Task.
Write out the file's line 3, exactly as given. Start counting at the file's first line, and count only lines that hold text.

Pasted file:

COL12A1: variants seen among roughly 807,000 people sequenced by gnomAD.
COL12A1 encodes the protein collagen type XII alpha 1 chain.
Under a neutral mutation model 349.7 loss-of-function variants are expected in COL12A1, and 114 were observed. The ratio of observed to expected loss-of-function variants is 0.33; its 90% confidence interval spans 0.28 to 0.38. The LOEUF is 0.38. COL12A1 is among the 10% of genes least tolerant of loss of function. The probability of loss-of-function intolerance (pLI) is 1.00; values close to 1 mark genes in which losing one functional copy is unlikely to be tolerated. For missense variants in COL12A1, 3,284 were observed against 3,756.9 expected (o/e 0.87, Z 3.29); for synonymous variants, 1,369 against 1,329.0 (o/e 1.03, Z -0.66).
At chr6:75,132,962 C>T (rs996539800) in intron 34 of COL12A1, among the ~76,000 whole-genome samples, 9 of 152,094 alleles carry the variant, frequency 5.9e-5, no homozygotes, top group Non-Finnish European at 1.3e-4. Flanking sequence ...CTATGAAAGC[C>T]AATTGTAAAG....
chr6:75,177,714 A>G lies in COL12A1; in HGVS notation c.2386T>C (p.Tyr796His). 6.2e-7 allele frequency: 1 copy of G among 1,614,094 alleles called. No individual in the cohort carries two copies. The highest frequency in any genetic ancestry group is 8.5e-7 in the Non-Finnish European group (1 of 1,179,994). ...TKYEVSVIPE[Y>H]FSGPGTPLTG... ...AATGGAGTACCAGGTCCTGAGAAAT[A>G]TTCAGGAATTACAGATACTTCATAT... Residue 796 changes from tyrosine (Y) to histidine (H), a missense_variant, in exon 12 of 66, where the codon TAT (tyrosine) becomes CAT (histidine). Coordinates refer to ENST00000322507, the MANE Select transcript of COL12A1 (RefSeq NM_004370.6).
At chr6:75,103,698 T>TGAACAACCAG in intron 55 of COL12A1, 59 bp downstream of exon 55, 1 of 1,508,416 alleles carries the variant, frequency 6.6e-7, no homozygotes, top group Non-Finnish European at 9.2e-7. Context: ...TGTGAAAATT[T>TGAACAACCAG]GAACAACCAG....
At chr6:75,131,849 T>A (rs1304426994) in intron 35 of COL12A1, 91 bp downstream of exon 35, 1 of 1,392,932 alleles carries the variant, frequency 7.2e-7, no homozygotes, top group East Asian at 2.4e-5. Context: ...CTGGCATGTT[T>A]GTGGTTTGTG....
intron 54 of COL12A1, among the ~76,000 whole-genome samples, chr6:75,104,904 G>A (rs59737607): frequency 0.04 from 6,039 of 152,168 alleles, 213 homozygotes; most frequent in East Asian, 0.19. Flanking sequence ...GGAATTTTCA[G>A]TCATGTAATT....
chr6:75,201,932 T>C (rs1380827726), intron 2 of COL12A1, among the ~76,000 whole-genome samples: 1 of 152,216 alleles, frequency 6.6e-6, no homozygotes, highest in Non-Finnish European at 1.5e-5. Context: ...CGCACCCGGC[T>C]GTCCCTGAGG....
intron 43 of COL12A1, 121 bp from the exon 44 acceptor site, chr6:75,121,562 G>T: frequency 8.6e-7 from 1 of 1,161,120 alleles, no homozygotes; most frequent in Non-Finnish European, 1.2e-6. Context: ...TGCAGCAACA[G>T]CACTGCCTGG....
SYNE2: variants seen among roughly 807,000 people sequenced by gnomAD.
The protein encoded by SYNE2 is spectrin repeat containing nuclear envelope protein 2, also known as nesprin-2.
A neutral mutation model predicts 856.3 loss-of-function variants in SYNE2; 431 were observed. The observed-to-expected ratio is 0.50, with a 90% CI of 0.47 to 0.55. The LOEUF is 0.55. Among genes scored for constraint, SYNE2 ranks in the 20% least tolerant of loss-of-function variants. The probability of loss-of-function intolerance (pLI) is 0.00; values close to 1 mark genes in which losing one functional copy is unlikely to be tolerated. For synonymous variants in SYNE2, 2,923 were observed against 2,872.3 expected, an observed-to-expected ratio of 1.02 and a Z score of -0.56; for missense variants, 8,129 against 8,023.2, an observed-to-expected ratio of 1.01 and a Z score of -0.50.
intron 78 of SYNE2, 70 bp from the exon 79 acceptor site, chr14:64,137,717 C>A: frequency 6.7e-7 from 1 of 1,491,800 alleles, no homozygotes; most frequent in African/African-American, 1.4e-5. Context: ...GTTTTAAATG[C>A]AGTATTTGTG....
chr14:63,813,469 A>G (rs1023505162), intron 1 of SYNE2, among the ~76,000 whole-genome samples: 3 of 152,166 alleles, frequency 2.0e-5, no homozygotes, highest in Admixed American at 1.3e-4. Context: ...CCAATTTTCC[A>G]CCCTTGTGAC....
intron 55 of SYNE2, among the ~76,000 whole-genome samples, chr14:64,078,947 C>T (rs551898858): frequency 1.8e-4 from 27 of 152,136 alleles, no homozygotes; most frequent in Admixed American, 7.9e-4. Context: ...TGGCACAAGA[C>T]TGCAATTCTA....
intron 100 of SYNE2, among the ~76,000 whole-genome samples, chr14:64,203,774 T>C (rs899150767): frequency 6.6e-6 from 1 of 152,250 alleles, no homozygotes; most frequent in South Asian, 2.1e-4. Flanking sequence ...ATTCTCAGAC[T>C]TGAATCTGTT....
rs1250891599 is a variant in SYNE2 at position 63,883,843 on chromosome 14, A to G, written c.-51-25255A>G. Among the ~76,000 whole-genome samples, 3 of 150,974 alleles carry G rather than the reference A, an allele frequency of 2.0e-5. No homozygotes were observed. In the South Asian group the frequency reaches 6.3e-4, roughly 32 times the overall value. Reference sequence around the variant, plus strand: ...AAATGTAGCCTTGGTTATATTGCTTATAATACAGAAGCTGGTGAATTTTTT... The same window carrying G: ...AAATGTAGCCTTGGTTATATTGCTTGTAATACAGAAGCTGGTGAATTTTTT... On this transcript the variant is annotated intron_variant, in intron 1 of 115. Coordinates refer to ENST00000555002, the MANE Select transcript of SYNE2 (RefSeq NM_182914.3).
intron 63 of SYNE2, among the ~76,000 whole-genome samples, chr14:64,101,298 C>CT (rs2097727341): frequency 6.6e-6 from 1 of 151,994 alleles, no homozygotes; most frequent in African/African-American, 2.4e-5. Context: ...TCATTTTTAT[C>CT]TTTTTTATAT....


Under a neutral mutation model 349.7 loss-of-function variants are expected in COL12A1, and 114 were observed. The ratio of observed to expected loss-of-function variants is 0.33; its 90% confidence interval spans 0.28 to 0.38. The LOEUF is 0.38. COL12A1 is among the 10% of genes least tolerant of loss of function. The probability of loss-of-function intolerance (pLI) is 1.00; values close to 1 mark genes in which losing one functional copy is unlikely to be tolerated. For missense variants in COL12A1, 3,284 were observed against 3,756.9 expected (o/e 0.87, Z 3.29); for synonymous variants, 1,369 against 1,329.0 (o/e 1.03, Z -0.66).